And those that deal with my books will inherit purgatory. And even I am prepared to be punished for them all. And the reason why I did not write you this letter before now, for I suspected that you would be angry at me and you would do me evil. However now, I decided to say, to inform you of this.
For I know that before this letter of mine will arrive in your hand I will have already been placed in an ark of wood – for I reached the end of my days. And Peace from the Teacher Aristotle – that separates from [life in] the world – to Alexander the great king of Greece.
After having translated the version of the “letter of Aristotle at the end of his life to Alexander the Great” found in the Meam Loez (by Rabbi Culi), I found the source of the letter that the Meam Loez referenced – in the work called “Shalshelet Hakabala” (by Gedalia ben Yechia)– and translated that letter from that source. “Shalshelet Hakabala” was printed in the Jewish Year 5346. The current year is 5768. This means it was written almost 422 years ago. Thus the public knowledge of the Aristotle letter has been in existence for over 420 years. There is an introduction to the letter from the author that names his sources where he learned of the letter.
In the paragraphs preceding the letter some interesting facts are mentioned about Aristotle, like:
Aristotle ultimately became a righteous convert [to Judaism] at the end of his life.
He was appointed over King Solomon’s works when Alexander the Great conquered Israel.
Some of the wisdom he learned from Solomon’s works is from where he fashioned some of his philosophies.
Aristotle studied with a Jewish sage called Shimon HaTzadik. (Simon the Just – a Chief Cohen of the Jewish Temple) He calls him the “Shimonite.”
There are stories in the Talmud where Shimon HaTzadik meets Alexander and Alexander gets off his horse and bows to him. Thus Alexander was also a contemporary of Shimon HaTzadik.
Alexander died in his thirties. Aristotle died at about 62 years of age.
Alexander the Macedonian entered into Jerusalem. He saw the Cohen Gadol [High Priest – Shimon HaTzadik] in his 8 garments. He descended from his chariot and bowed to the Cohen Gadol – Shimon HaTzadik. He told his servants and those that were present that the vision of the Cohen Gadol in His Garments appeared to him before each of his victories.
Alexander asked that an statue in the image of himself be placed in the Holy Temple. Shimon replied that this was against the Torah, but that to honor the king – all male Cohen children that would be born that year would be named Alexander and the year of the contracts would start from that year (ie, 1st year of the King Alexander). He was very happy and gave many gifts for the Temple.
There are small differences between the two versions of the letter. This is likely because the Meam Loez was translated from Ladino to Hebrew. The version of the Letter in the Shalshelet Hakabala was likely translated from Greek to Hebrew. So the letter translated from the Meam Loez went from Greek (Original Letter) (to Arabic? (Cited in Arab Historical Work)) to Hebrew (in Shalshelet Hakabala) to Ladino (Meam Loez Original Language) to Hebrew (Meam Loez translated Language) to English (Text Version above). We assumed by translating the letter from the version in the Shalshelet Hakabala would result in a more accurate translation of the original letter.
Aristotle’s Letter to Alexander the Great
written at the end of his life – Excerpts from
Shalshelet Hakabala – Cited by Meam Loez in Shemot / Parashat Yitro – 19:17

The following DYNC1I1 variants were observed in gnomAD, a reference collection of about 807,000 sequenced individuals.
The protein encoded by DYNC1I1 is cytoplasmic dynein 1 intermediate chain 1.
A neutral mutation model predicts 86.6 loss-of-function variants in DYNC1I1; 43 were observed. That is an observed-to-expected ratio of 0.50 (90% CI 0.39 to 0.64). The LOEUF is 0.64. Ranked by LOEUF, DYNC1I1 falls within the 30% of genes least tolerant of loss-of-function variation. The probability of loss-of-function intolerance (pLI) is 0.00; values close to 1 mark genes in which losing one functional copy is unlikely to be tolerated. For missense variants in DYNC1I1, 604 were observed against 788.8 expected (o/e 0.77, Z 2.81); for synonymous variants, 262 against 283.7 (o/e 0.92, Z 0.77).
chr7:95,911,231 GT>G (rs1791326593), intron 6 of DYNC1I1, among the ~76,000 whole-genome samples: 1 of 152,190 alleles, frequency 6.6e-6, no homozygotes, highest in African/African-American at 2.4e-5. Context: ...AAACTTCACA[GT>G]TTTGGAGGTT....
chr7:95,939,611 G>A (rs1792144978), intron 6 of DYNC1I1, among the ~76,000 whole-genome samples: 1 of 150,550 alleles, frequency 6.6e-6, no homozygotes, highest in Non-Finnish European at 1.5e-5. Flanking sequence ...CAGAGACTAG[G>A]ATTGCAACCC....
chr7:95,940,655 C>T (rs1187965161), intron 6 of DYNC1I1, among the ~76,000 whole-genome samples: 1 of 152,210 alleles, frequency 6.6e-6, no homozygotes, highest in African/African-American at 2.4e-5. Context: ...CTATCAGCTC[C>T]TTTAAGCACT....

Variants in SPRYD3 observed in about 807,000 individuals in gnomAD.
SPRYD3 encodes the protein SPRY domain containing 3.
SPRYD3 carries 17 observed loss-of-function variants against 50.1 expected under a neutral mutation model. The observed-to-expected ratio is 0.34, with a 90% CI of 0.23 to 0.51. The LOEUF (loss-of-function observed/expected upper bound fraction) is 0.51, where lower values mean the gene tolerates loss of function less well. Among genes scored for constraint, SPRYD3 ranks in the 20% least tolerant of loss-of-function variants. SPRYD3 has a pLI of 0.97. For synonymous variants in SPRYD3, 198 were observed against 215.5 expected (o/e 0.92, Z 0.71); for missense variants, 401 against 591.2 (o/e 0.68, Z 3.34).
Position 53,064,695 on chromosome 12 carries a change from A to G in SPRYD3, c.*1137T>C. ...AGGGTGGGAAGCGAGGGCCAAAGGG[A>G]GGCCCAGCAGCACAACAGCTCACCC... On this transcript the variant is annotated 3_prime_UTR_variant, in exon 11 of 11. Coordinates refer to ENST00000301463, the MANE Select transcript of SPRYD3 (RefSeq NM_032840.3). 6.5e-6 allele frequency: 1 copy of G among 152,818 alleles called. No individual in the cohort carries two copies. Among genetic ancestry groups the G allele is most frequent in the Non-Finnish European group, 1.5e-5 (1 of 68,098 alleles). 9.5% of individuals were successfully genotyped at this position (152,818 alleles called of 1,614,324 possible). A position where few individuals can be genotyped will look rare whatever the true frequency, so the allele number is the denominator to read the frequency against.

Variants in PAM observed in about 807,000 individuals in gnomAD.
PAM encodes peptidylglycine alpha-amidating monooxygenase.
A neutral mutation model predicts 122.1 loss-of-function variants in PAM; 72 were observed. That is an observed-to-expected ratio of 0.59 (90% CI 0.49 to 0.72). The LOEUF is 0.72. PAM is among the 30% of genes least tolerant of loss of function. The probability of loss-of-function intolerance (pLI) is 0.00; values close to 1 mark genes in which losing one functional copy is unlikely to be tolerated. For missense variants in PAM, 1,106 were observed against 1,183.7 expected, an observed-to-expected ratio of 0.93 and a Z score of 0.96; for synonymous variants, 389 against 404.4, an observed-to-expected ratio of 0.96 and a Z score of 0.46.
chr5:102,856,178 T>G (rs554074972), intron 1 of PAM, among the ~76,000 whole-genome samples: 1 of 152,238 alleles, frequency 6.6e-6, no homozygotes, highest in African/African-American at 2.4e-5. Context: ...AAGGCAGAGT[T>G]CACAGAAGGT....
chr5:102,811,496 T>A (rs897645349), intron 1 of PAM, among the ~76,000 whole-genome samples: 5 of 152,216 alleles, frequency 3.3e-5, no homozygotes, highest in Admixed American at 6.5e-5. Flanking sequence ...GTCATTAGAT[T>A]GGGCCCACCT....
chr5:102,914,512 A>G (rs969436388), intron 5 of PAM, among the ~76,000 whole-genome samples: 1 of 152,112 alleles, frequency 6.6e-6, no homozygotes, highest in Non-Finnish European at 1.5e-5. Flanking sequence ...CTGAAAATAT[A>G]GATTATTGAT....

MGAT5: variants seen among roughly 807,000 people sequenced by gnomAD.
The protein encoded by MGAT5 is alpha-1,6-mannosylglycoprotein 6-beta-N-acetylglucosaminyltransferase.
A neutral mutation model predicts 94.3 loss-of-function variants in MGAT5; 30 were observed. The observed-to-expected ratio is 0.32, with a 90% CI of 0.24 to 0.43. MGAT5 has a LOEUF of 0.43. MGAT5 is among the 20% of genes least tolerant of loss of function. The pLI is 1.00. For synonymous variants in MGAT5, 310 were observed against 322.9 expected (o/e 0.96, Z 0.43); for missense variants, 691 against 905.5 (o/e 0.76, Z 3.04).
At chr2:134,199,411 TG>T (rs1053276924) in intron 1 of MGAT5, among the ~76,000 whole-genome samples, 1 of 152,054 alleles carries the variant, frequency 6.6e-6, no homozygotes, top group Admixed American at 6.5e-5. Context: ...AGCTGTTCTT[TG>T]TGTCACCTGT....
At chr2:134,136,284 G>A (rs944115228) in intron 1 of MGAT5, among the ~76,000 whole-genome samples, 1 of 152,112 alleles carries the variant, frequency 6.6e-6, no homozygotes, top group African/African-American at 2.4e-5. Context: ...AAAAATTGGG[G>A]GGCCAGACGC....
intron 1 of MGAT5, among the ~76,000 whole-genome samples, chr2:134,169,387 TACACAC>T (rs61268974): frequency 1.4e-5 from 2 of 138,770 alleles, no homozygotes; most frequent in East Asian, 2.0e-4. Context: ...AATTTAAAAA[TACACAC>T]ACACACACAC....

Aristotle, the philosopher and head of the [secular] sages was the teacher of Alexander and the student of Socrates and Plato. He was born in Macedon and lived 2 years after the death of Alexander his student and he lived 62 years. And I saw written -in the letters of Aristotle – that he wrote that he spoke with Shimon HaTzadik (Simon the Just) on the Godly wisdom and was tremendously impressed by the level of wisdom of Shimon in this and in certain details he says this is what the Shimoni answered me.
And I saw that Rabbi Yosef ben Shem Tov in the introduction to his explanation of the “book of Middot” how he saw in Egypt a book that written inside was how Aristotle at the end of his life admitted to all that is found written in the Sefer Torah of Moshe and became a Righteous Convert [to Judaism].
I saw in “the Kuzari” [a book that discusses the various faiths and their comparison to Judaism] – hand writings – saying 42 – that the philosophers were asked from where did they receive the wisdom of their philosophy. And they said that it came from the Jews – and all the wisdoms they recorded their sources and general principles from the Jews of Alexandria. And afterwards to Paras (Persia) and Medes and afterwards to Greece and afterwards to the Romans. And over time and much wanderings they did not remember the wisdoms were [originally] recorded from the Israelites – rather from the Greeks or Romans. Until here [is the quoted text].
And the author of the book Shevilei Emuna wrote – that he saw it written that when Alexander went to Jerusalem he appointed Aristotle, his master – [in charge] over the books of Solomon – and he recorded there the philosophy and he called it in his name…
The Rav (the Rambam) in the HaMoreh (Nevuchim – the guide to the Perplexed) section 1 perek 71 says that [all] Wisdoms were initially with the [Jewish people of] Israel – however in the domination of the [gentile] peoples upon us it [wisdom] came into their hands and we when we learn a matter from them it appears that their conception [of the wisdom] was from them but it is really the opposite.
Ibn Rashed who is called Oyrouou says in the end of his book “Hapelet Hatephila” that the wisdoms were found with Yisrael, and I saw an old work these things and I recorded them here word for word – and they – I testify – with a clear testimony – that I heard from the mouth of the sage Don Abraham Ibn Zarzer that when he was in Lisbona and used to say that the Ishmael sage Ibn Alachtov – that people used to say upon him that there was no one of his caliber in his generation in terms of wisdom and piety. And he heard that there was in the city of Alekhara a book from Aristotle that he authored at the end of his days and that he recanted from all that he had written initially. And the sage Don Abraham ibn Zarzer sent for this work and saw in it either the matter of [divine] providence or whether the matter of the leaving of the soul and also regarding the creation of the world. And he (Aristotle) would state on each and every matter from these – [that he admitted to have erred in them] and from certain natural matters – and the “Shimoni” [ie, Shimon HaTzadik – the Cohen Gadol] changed my mind on this opinion with this and this proof or with this and this argument. And it was written at the end of his book a writing that Aristotle sent to King Alexander – his student.